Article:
Delaying Stroke Diagnosis—The Impacts
A stroke can strike anyone at any time. Although certain age groups are more prone to this, such as those over the age of 55, even young individuals can suffer a stroke, and it can occur in children, newborns, and even prenatally. This is well documented by the American Stroke Association.
The usual signs of a stroke can be mild at first, with perhaps only slurred speech or dizziness. Other signs are more severe, including severe headaches of sudden onset and even seizures.
The causes, of course, are varied and can be congenital in nature, such as inherited heart disease or the tendency to form blood clots. Blood clots can travel to the brain and cause a stroke with very little warning. Each case can be dramatically different and make diagnosis difficult.
Why is Stroke Diagnosis Delayed?
The earlier a diagnosis is made, the better the outcome for patients. However, the medical profession and family members of stroke victims may miss the early warning signs as it mimics other diseases such as migraines and seizure disorders.
If no underlying factors for developing this malady exist, then chances are good it will not come to mind immediately. Unfortunately, this can happen in many Emergency Rooms across the United States, where sudden headaches, especially in the young, are often quickly dismissed as migraines, especially in those already suffering from migraine.
The facts show that migraine and stroke are closely related, with migraine sufferers more at risk of developing stroke, especially when younger. This has been documented by the American Migraine Foundation but, unfortunately, is not considered when visiting the ER (Emergency Room) many times.
Migraines are, most frequently, “build-up headaches,” which worsen as time ticks by. Headaches that are sudden and abrupt can and usually do signal a stroke or brain aneurysm.
What are the Ramifications of Stroke Misdiagnosis?
The long-term effects of an undiagnosed stroke can range from loss of speech and vision to total and partial paralysis. However, even living through an undiagnosed stroke is difficult.
According to the CDC (Centers for Disease Control), the facts are not encouraging.
- Every forty minutes in the USA, someone has a stroke.
- Every 3. 5 minutes, someone dies from a stroke in the USA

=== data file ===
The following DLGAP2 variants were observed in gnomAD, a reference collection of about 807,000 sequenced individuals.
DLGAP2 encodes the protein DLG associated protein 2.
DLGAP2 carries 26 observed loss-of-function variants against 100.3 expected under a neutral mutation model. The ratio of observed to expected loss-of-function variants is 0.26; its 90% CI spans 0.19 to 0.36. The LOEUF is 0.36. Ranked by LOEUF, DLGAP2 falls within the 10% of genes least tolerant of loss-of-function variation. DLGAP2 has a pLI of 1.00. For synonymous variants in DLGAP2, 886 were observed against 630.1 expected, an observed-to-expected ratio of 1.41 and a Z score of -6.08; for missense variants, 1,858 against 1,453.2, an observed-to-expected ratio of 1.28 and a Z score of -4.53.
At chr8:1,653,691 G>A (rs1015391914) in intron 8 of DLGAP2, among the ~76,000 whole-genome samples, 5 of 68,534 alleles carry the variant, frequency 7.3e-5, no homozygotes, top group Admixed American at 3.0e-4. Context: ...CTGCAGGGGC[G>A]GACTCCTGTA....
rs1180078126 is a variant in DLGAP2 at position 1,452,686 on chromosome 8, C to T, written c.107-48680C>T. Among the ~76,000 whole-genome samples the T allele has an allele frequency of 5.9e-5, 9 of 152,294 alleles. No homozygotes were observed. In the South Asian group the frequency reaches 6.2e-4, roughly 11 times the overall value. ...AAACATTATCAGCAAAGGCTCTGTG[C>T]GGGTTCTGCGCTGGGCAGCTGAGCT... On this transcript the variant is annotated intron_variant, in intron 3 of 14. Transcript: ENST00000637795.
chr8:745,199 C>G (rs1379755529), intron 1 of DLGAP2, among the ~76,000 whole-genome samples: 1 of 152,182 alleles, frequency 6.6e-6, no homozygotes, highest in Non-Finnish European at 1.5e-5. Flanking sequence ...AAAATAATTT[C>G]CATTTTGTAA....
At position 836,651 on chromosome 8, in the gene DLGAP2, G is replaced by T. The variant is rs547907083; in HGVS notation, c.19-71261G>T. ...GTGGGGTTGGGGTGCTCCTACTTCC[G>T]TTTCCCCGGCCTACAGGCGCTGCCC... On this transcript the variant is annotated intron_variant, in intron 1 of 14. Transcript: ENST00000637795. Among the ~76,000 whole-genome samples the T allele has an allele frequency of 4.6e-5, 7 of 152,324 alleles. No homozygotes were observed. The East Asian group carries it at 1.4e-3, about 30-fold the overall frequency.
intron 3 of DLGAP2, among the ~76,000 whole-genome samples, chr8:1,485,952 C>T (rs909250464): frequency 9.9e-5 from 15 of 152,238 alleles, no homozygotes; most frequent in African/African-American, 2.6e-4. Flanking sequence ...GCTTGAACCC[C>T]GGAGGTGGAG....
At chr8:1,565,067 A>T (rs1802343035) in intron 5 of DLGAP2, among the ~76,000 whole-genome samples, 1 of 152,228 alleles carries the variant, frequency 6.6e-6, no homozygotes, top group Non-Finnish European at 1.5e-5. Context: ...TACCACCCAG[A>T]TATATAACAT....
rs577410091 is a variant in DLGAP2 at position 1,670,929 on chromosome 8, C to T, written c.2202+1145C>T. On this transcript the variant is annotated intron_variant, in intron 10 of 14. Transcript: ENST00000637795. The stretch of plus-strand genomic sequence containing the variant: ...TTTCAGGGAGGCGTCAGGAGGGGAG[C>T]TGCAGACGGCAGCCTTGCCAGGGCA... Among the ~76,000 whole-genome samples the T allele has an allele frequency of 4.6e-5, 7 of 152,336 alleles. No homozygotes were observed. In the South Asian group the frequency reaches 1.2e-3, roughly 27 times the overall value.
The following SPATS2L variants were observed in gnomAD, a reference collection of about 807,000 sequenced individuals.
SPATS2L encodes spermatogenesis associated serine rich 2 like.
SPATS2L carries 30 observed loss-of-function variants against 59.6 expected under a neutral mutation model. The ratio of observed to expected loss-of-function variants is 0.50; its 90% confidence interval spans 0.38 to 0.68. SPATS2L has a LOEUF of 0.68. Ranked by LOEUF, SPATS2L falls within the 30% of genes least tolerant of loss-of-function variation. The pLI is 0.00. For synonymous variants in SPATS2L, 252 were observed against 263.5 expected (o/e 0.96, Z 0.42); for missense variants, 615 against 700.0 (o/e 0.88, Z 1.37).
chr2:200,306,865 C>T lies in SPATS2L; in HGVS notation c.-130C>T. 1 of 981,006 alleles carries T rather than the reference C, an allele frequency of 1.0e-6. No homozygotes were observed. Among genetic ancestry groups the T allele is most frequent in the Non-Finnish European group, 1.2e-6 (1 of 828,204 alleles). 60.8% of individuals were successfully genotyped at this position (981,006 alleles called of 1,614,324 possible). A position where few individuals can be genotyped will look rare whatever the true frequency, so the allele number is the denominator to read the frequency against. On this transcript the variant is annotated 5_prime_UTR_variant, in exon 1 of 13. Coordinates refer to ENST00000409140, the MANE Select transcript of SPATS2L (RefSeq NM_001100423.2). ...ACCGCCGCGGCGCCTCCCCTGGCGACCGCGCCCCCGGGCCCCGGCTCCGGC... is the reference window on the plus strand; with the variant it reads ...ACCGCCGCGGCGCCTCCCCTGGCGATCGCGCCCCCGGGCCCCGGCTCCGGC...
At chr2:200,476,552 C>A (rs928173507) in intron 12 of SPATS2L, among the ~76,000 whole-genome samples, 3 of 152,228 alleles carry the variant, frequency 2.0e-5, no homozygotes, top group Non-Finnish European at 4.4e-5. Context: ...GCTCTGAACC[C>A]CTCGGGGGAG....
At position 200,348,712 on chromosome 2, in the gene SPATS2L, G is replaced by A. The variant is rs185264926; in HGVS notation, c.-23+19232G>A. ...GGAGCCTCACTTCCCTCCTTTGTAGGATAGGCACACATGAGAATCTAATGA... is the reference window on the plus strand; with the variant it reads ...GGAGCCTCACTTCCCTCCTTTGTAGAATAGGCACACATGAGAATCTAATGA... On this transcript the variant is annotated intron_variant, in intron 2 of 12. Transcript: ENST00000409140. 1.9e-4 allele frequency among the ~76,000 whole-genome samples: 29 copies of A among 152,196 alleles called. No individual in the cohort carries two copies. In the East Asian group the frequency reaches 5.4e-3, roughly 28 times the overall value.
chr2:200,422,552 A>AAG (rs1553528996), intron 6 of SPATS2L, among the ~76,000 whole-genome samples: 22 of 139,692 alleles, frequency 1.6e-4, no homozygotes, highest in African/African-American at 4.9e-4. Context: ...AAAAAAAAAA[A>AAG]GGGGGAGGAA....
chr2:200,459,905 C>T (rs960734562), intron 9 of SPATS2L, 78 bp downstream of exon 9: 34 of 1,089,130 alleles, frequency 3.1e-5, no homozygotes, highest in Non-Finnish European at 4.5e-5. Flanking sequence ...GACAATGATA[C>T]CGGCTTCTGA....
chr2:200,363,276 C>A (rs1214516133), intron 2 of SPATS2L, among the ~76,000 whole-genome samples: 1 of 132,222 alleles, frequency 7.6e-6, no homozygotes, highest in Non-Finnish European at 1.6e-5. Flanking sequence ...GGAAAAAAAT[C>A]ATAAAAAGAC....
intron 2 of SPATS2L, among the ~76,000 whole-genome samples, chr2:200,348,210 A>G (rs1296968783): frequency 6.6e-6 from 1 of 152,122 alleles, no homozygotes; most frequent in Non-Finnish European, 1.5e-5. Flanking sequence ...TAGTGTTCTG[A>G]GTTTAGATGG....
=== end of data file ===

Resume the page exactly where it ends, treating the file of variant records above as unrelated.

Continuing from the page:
- TIA (Transient Ischemic Attack) symptoms are overlooked, which leads to a full-blown stroke in a year or less
- Strokes can be Ischemic or Hemorrhagic and can be confusing for doctors in an ER or for the patients to describe. A patient’s history is the best indicator of whether a stroke is occurring or impending. Ischemic Strokes block blood flow, and Hemorrhagic Strokes cause bleeding in the brain.
- Every second counts as brain cells without oxygen are lost within minutes.
ER Doctors Must Consider TIAs as Emergencies
A full diagnosis of the patient’s health through testing must occur immediately, and tests run the same as a full-blown stroke. The chances of preventing a full-blown stroke improve immensely when treatment for a TIA is adequate and complete.
Unfortunately, this does not always happen, and misdiagnosis of a TIA usually leads to a full-blown stroke in a few months generally. The TIA is a predictor of an impending stroke, and this is a general “standard of care” of which all doctors should be aware. There is no real margin of error.
A delayed diagnosis in the case of stroke victims is a cause for a medical negligence claim and should be pursued if this happens. It is ultimately better to err on the side of caution in an Emergency Room, but unfortunately, this does not always happen.
Why Does Delayed Diagnosis of Stroke Occur?
Rush University Medical Research did a study on Underdiagnosis and Overdiagnosis, and the findings showed that both of the aforementioned clinical failures occur because of an overlap of symptomology. In other words, many other cerebral vascular diseases can mimic stroke symptoms.
Tests for TIA usually involve expensive medical tests, as well as some intrusive medical tests, and doctors do operate in a bureaucracy where the rules on testing can be the strictest.
This does not alleviate any doctor, however, from the Standard of Care when dealing with diagnoses of any type. If any indication is given of a TIA or actual stroke, then further examination is warranted.
Summary—Impacts of Delaying Stroke Diagnosis
As shown throughout the above writings, stroke is deadly and has lifelong consequences if a person lives. A delayed diagnosis often occurs because of bureaucratic rules in a hospital and physician error in an ER.
There is a definite need to have a good attorney in mind if or when a stroke or a TIA is misdiagnosed. Christian J. Hoey, Esquire, and the team at Hoey Legal work out of Paoli, PA and are devoted to righting any wrongs that occur with misdiagnosis, especially during a stroke or TIA episode.
Knowing beforehand whom to call in Chester County will assist with the torment caused by a stroke or undiagnosed TIA that led to the episode. If an untimely death occurs, as a result, Christian J. Hoey, Esquire, with decades of experience in this field, will indeed be needed immediately.